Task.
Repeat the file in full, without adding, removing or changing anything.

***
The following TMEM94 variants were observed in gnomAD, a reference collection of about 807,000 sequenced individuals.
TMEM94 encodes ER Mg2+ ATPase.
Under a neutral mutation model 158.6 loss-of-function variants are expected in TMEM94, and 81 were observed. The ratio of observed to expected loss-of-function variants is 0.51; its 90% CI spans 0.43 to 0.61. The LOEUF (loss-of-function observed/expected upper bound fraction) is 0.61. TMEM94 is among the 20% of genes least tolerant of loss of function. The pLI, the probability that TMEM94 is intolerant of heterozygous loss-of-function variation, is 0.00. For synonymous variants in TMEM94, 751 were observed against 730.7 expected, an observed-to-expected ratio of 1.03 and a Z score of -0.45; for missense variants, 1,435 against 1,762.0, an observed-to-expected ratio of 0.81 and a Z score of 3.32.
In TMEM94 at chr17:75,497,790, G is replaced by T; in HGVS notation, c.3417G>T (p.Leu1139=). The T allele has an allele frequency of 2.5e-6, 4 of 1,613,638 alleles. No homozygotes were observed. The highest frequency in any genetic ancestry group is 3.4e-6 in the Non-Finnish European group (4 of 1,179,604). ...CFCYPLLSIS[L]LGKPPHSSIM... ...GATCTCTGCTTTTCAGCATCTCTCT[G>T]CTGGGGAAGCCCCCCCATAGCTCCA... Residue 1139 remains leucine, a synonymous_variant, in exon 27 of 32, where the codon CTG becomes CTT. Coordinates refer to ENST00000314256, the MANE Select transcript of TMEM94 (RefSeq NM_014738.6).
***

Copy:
The following TMEM94 variants were observed in gnomAD, a reference collection of about 807,000 sequenced individuals.
TMEM94 encodes ER Mg2+ ATPase.
Under a neutral mutation model 158.6 loss-of-function variants are expected in TMEM94, and 81 were observed. The ratio of observed to expected loss-of-function variants is 0.51; its 90% CI spans 0.43 to 0.61. The LOEUF (loss-of-function observed/expected upper bound fraction) is 0.61. TMEM94 is among the 20% of genes least tolerant of loss of function. The pLI, the probability that TMEM94 is intolerant of heterozygous loss-of-function variation, is 0.00. For synonymous variants in TMEM94, 751 were observed against 730.7 expected, an observed-to-expected ratio of 1.03 and a Z score of -0.45; for missense variants, 1,435 against 1,762.0, an observed-to-expected ratio of 0.81 and a Z score of 3.32.
In TMEM94 at chr17:75,497,790, G is replaced by T; in HGVS notation, c.3417G>T (p.Leu1139=). The T allele has an allele frequency of 2.5e-6, 4 of 1,613,638 alleles. No homozygotes were observed. The highest frequency in any genetic ancestry group is 3.4e-6 in the Non-Finnish European group (4 of 1,179,604). ...CFCYPLLSIS[L]LGKPPHSSIM... ...GATCTCTGCTTTTCAGCATCTCTCT[G>T]CTGGGGAAGCCCCCCCATAGCTCCA... Residue 1139 remains leucine, a synonymous_variant, in exon 27 of 32, where the codon CTG becomes CTT. Coordinates refer to ENST00000314256, the MANE Select transcript of TMEM94 (RefSeq NM_014738.6).